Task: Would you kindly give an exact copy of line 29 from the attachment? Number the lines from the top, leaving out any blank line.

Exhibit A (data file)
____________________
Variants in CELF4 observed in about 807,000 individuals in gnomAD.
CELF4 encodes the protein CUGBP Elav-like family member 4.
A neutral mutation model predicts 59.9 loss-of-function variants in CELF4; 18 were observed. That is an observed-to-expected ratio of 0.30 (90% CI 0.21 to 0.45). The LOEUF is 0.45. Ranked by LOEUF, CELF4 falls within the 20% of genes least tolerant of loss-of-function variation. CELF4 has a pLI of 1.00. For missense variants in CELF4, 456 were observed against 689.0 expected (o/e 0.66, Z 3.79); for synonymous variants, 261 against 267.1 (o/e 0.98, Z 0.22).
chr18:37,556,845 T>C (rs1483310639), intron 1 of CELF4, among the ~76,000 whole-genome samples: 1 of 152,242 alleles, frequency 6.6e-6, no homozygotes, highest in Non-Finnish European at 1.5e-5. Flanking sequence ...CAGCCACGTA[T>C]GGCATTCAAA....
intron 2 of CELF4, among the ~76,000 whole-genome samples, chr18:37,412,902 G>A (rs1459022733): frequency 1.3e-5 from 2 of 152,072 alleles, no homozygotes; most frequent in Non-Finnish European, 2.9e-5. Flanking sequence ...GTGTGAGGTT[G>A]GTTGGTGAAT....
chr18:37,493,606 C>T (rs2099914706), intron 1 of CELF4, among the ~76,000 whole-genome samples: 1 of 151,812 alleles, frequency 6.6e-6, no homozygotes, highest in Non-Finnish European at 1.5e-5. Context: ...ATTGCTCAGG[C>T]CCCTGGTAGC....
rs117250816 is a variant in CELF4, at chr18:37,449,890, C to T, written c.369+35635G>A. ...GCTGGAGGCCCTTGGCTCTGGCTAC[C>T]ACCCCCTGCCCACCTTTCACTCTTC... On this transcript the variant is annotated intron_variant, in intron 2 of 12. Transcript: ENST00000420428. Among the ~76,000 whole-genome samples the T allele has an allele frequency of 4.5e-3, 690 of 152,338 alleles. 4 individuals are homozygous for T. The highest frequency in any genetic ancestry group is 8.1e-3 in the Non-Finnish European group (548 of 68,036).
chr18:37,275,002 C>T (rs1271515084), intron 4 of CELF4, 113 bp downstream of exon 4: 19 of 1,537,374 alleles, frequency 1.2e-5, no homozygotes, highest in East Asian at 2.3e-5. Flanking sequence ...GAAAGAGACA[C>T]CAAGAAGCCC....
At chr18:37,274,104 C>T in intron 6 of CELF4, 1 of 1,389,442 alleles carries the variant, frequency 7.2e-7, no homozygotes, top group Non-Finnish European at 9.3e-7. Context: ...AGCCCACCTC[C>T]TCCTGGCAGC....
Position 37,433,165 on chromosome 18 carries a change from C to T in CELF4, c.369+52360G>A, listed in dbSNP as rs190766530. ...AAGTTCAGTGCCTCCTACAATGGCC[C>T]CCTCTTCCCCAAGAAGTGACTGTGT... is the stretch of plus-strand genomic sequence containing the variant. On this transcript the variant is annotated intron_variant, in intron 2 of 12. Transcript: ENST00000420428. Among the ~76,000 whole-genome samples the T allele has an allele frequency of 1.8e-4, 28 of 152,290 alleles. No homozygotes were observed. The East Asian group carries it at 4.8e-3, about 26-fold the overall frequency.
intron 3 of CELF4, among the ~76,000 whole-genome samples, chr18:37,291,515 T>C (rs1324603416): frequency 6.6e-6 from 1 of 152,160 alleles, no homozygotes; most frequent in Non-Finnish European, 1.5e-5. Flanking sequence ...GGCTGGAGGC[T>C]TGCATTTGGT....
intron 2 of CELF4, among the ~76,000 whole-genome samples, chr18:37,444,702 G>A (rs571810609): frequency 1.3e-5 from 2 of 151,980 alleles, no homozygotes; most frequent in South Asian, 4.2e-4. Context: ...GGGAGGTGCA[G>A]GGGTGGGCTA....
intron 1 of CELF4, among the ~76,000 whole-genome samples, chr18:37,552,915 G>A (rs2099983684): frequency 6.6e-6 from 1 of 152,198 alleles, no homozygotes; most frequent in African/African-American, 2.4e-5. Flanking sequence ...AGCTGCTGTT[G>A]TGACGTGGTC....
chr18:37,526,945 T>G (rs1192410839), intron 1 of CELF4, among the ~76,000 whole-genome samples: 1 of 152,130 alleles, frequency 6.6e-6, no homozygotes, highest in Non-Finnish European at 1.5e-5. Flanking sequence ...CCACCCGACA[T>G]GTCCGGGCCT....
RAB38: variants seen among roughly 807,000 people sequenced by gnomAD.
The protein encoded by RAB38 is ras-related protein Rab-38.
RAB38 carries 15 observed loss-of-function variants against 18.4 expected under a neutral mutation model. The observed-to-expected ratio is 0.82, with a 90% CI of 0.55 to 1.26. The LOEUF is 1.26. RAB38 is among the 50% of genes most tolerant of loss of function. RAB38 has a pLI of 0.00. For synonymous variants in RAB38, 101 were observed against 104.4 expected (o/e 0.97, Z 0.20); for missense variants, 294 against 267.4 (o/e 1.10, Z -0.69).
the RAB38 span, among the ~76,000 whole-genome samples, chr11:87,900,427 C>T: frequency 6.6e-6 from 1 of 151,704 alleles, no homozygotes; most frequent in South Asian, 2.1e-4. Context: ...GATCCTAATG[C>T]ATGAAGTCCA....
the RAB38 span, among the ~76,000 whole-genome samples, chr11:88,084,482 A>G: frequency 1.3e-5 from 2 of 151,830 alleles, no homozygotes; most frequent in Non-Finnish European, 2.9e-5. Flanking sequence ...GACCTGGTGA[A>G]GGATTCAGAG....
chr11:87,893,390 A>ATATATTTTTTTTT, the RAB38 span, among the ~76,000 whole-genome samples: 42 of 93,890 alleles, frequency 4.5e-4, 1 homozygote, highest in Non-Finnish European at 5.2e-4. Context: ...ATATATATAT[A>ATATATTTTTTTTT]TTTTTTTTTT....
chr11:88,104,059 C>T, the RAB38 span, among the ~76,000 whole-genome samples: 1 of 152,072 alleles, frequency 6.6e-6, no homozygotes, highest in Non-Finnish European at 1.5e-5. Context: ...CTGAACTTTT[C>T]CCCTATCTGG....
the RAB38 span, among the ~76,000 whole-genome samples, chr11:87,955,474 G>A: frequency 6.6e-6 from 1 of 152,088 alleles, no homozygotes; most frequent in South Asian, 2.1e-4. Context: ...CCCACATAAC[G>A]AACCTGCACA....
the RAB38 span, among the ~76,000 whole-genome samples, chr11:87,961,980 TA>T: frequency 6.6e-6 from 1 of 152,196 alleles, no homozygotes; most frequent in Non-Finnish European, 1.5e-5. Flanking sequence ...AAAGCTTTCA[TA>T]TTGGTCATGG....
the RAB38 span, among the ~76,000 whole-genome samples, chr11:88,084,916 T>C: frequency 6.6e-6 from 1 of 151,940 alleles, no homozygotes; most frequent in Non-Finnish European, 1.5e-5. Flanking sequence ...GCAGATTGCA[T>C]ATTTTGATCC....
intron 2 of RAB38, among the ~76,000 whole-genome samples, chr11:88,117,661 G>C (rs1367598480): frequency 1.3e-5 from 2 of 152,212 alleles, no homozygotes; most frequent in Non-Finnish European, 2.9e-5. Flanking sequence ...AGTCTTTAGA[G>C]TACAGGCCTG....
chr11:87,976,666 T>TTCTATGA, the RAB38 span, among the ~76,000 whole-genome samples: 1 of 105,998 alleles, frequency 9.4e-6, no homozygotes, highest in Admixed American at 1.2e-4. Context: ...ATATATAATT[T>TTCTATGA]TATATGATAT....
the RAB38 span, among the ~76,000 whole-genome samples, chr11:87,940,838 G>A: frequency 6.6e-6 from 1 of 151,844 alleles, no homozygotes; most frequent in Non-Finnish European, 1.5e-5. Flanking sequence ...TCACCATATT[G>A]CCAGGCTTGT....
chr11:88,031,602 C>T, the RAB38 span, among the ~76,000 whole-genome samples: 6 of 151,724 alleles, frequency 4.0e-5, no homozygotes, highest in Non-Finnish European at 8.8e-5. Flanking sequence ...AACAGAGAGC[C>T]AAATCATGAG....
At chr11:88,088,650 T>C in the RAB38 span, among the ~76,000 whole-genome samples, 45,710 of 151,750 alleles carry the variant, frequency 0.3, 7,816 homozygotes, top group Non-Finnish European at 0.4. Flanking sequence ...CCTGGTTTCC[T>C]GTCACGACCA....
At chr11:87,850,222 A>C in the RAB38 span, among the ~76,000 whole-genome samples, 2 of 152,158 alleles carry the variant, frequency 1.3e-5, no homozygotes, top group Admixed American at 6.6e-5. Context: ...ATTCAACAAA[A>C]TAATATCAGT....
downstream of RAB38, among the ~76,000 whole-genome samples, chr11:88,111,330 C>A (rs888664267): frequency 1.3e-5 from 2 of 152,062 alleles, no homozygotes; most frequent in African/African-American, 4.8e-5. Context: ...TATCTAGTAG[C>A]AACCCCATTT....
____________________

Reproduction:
At chr11:88,088,650 T>C in the RAB38 span, among the ~76,000 whole-genome samples, 45,710 of 151,750 alleles carry the variant, frequency 0.3, 7,816 homozygotes, top group Non-Finnish European at 0.4. Flanking sequence ...CCTGGTTTCC[T>C]GTCACGACCA....